It's been awhile since my last post. However, my training has not stopped despite the passing of sensei. In fact we have not missed a single training session. Somehow being on the mat with others who knew sensei allows us to capture his essence. I have been wondering what to write about. The culture of our dojo has changed now, as to be expected. I think this post will simply be an opportunity to reflect on some of those changes.
The first point I would like to mention is that I have realised how much I relied on sensei to make sure I was doing everything correctly. I did not own my learning as much as I could have. In fact I think many members of the dojo feel this way. As a group we have had to take up the mantle and forge ahead providing our own direction. One of us is a licensed instructor but the reality is we are all learning this art together and the knowledge and skills as a collective are now more important than simply relying on one exceptional martial artist to pull us along. This means taking turns running certain aspects of the class. For example we have been asked by the senior member to take turns leading the body conditioning exercises at the start of every Saturday class. We all adhere to the main principles of the exercises but each have our own take on them. It has been interesting to see and hear the others' interpretations of them.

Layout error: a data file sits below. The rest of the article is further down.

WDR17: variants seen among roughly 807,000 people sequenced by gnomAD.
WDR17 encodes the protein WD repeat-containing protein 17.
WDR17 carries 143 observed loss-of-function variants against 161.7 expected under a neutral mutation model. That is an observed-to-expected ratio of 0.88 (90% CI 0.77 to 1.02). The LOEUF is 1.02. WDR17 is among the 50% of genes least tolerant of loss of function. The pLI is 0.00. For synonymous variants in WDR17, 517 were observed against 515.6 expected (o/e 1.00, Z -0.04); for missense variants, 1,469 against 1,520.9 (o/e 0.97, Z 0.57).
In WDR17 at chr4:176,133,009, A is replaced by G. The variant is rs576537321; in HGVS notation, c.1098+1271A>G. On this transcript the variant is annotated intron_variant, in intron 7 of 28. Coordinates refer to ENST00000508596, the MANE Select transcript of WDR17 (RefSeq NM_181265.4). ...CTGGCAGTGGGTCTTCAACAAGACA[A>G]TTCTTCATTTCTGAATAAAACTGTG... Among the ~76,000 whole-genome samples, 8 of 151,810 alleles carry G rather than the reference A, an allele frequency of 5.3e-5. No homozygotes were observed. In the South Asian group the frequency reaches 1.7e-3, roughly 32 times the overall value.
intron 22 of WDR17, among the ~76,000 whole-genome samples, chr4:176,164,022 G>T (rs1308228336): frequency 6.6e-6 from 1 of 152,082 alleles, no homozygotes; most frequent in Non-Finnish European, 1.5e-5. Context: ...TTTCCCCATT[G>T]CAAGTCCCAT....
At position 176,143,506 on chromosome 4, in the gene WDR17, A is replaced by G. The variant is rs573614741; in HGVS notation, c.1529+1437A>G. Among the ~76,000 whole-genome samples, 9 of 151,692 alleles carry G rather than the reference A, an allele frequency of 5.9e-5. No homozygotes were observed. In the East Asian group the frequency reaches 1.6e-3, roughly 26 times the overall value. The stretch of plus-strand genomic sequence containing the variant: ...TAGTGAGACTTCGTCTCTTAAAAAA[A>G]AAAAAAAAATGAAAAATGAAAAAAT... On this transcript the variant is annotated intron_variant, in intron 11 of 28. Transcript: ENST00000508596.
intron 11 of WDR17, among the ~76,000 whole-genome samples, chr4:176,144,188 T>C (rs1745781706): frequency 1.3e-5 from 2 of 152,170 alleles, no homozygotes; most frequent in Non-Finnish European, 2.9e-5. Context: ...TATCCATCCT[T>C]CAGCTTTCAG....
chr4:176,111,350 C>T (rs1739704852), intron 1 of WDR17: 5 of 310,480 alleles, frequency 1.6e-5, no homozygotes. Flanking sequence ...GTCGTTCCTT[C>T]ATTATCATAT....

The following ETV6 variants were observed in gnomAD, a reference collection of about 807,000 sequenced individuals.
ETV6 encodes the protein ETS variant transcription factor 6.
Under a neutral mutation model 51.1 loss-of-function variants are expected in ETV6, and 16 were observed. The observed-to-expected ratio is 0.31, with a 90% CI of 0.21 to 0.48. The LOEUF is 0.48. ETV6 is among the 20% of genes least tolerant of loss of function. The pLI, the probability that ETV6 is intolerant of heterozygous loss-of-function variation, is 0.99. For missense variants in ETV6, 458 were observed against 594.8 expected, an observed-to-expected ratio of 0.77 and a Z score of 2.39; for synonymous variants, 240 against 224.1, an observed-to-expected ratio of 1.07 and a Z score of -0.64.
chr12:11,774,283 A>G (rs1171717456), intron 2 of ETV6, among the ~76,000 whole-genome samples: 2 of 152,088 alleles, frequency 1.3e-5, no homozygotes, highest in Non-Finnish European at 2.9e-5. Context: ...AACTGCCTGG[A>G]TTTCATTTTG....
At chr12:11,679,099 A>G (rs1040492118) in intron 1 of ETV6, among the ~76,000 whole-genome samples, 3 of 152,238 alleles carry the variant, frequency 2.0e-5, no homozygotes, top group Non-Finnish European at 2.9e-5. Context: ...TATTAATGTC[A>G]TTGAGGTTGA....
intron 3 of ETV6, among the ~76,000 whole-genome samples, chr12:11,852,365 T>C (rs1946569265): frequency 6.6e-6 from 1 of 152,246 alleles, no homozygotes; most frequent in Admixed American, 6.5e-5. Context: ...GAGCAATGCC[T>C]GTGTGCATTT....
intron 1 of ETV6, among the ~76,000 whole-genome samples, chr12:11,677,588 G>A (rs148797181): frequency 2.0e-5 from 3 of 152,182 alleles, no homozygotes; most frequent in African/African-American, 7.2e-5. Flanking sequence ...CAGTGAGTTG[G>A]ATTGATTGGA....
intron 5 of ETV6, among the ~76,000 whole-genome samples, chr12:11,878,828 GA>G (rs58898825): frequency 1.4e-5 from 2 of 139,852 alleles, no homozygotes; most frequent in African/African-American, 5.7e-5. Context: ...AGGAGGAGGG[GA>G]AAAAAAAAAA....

The second change to the group as a whole is that, for me anyway, the group is now tighter for having gone through the grief of losing sensei. I have two young children and they are associating with these people more often. It is nice to know they will most likely grow up around people who I trust and respect. I am trying to involve myself more in the other activities outside of the training sessions. Make my presence felt by the others to show my full support. Of course this is limited by family and work obligations.
This brings me to my third point. I didn't realise it at the time but the eight or so other people I train with on that mat I count as friends. I don't say that lightly. I keep a very small group of people in my 'friend zone' and I feel privileged to count my dojo partners in that group. Of course the strong support from Toby Threadgill and hombu also mean we still have a source of guidance and structure in place to continue growing in our practice.
So on the whole the passing of sensei has strengthened the group. It is something very positive for us to take from such a sad experience. I am a realist about this though and some people had been shaky on their commitment when sensei first passed, mostly from shock I expect but we have supported one another and I hope for the sake of the art and for the effort sensei put into us, that we don't lose too many people. Of course like me, some of the others have attacked their training with even more vigour than before, determined to keep the flame burning.